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Susan of DT Songs About Duels and Dueling (34) RE: Songs About Duels and Dueling 06 Dec 19


From my book, Body Count: Death in the Child Ballads:

In Child #207, Lord Delamere, the quarrel is an interesting one. A young lord proposes to the King that he should hang his peasants, rather than starve them to death with taxes. A French, or Dutch, knight offers to fight Delamere for his insolence. Since Delamere is under age, the Duke of Devonshire fights and kills the French night in his place42. The King wants to arrest Devonshire who insists he, unarmored, has killed the armored Frenchman fairly. . [Bodycount = 1]

   ‘It’s better, my liege, they should die a shorter death
   Than for your Majesty to starve them on earth.’
   With that up starts a Dutch lord, as we hear,
   And he says, ‘Thou proud Jack,’ to my lord Delamere, (207B.5)

   ‘Thou ought to be stabbed,’ and he turned him about,
   ‘For affronting the king in the Parliament House.’
   Then up got a brave duke, the Duke of Devonshire,
   Who said, I will fight for my lord Delamere. (207B.6)

   Devonshire dropped on his knee, and gave him his death-wound;
   O then that French lord fell dead upon the ground. (207A.8)

In Child #99, Johnnie Scott, there is a duel towards the end of the
ballad with Johnnie killing the king’s Italian champion and, thus, winning the princess as his bride. [Bodycount = 1]

   Then out it came that Italian,
   An a gurious ghost was he;
   Upo the point o Johney’s sword
   This Italian did die. (99A.31)

   Out has he drawn his lang, lang bran,
   Struck it across the plain:
   ‘Is there any more o your English dogs
   That you want to be slain?’ (99A.32)

   ‘A clark, a clark,’ the king then cried,
   ‘To write her tocher free;’
   ‘A priest, a priest,’ says Love Johney,
   ‘To marry my love and me. (99A.33)

In Child #61, Sir Cawline first wins a fight with King Eldrige on a fairy mound, a task set by his lady, the princess, and then kills a pagan giant (hend soldan), a task set by his king. He is rewarded with the princess’ hand in marriage. [Bodycount = 1 giant]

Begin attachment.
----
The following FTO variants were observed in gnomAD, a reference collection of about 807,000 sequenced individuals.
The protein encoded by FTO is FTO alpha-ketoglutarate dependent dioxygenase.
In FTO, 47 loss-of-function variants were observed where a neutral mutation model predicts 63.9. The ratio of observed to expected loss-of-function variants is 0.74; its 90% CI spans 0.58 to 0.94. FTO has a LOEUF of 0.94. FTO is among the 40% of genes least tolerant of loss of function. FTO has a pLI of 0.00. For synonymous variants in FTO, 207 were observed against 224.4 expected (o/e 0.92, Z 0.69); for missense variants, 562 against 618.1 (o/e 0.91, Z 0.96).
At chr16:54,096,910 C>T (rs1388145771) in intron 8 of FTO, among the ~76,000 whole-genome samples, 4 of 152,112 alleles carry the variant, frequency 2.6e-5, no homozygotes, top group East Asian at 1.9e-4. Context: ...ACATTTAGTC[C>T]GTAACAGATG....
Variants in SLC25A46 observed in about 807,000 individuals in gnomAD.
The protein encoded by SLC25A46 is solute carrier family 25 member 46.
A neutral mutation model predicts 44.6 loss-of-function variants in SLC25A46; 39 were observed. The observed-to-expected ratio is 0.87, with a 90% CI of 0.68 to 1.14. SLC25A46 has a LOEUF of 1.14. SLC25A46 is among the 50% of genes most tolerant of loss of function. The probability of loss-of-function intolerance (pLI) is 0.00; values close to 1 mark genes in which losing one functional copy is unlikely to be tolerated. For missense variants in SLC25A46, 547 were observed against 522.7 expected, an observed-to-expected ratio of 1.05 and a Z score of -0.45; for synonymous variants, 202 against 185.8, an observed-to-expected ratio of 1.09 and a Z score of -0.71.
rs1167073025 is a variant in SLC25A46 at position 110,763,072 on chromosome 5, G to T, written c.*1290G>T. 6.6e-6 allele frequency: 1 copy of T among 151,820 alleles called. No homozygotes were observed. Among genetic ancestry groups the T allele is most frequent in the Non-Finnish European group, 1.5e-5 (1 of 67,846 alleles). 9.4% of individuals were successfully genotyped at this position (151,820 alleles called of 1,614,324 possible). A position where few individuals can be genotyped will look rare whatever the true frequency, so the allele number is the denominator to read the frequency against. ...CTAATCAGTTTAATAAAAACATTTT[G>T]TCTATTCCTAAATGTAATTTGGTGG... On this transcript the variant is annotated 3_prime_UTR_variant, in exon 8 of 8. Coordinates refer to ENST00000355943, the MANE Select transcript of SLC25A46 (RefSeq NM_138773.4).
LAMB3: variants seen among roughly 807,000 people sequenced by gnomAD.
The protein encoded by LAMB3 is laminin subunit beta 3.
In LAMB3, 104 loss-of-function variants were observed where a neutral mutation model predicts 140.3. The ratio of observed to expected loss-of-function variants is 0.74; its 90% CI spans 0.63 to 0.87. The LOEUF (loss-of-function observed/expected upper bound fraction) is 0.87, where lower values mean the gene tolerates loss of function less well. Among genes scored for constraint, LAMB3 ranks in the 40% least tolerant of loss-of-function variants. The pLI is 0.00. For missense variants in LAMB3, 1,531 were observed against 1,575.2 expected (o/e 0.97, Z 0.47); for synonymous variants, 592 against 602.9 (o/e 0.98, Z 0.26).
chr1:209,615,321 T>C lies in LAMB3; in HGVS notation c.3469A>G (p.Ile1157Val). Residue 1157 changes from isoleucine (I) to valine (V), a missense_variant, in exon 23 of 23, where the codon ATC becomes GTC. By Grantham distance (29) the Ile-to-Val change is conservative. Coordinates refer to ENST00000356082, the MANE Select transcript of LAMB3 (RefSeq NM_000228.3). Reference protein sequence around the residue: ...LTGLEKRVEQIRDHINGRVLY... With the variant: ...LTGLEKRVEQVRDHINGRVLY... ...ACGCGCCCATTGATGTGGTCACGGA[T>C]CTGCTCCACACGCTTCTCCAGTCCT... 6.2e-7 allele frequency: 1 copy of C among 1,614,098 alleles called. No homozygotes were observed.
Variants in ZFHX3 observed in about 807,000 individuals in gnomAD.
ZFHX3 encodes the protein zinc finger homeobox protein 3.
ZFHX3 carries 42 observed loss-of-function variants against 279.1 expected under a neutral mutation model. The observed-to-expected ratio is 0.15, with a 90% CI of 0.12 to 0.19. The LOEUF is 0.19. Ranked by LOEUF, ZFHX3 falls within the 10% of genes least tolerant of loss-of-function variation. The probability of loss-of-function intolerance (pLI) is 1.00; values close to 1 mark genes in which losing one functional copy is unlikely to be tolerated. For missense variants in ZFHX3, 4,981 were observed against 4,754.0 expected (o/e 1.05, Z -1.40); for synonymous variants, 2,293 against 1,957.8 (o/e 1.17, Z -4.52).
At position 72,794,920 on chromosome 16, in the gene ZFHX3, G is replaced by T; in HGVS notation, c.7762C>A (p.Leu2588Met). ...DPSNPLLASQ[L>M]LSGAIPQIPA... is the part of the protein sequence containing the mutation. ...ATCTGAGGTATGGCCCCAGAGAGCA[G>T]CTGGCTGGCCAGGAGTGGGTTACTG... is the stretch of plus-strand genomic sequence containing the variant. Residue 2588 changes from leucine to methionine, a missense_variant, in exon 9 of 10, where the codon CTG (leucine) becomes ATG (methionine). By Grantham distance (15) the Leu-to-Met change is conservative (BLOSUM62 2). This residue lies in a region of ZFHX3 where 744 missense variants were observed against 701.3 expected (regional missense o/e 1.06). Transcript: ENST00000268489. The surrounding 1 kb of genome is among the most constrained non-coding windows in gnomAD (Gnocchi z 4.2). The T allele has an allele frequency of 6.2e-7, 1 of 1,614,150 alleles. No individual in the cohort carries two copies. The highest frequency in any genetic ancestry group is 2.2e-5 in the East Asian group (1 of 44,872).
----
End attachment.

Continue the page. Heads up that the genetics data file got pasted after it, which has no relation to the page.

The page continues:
But the hend soldan and Sir Cawline
   Th?e ffought a summers day;
   Now has hee slaine that hend soldan,
   And brought his fiue heads away. (61.37)

In Child #262, Lord Livingston, the lady chooses which of a pair of rivals she prefers and marries him. The other challenges her husband to a duel and kills him. The lady mournes for seven years and then dies for love.   [Bodycount = 2]

   ‘Come on to me now, Livingston,
   Or then take foot and flee;
   This is the day that we must try
   Who gains the victorie.’ (262A.23)

   Then they fought with sword in hand
   Till they were bluidy men;
   But on the point o Seaton’s sword
   Brave Livingston was slain. (262A.24)

   ‘My mother got it in a book,
   The first night I was born,
   I woud be wedded till a knight,
   And him slain on the morn. (262A.30)

Bewick and Graham, in Child #211, were best friends and had no wish to fight, but their fathers quarreled over whose son was best and forced the fight. One father said his son was better because he could read and write. The father of the “inferior” son (Graham) told him he had to fight his friend or else fight him, his own father. Young Graham agonized over whether to fight, and chance killing, his father or his friend. He decided that killing his father would be worse than killing his friend, but swore that if he killed his friend, he would kill himself and so he did. [Bodycount = 2]

   ‘Now Grahame gave Bewick an ackward stroke,
   An ackward stroke surely struck he;
   He struck him now under the left breast,
   Then down to the ground as dead fell he. (211A.43)

   ‘O horse, O horse, O bully Grahame,
   And get thee far from me with speed!
   And get thee out of this country quite!
   That none may know who’s done the deed.’ (211A.46)

   ‘O if this be true, my bully dear,
   The words that thou dost tell to me,
   The vow I made, and the vow I’ll keep;
   I swear I’ll be the first that die. (211A.47)

   Then he stuck his sword in a moody-hill,
   Where he lap thirty good foot and three;
   First he bequeathed his soul to God,
   And upon his own sword-point lap he. (211A.48)


The full ballads are in the DT and many other places.
If you want my book:
   Amazon(US) says it is out of stock
   Loomis House Press (CAMSCO's publishing partner) has it
   or PM me


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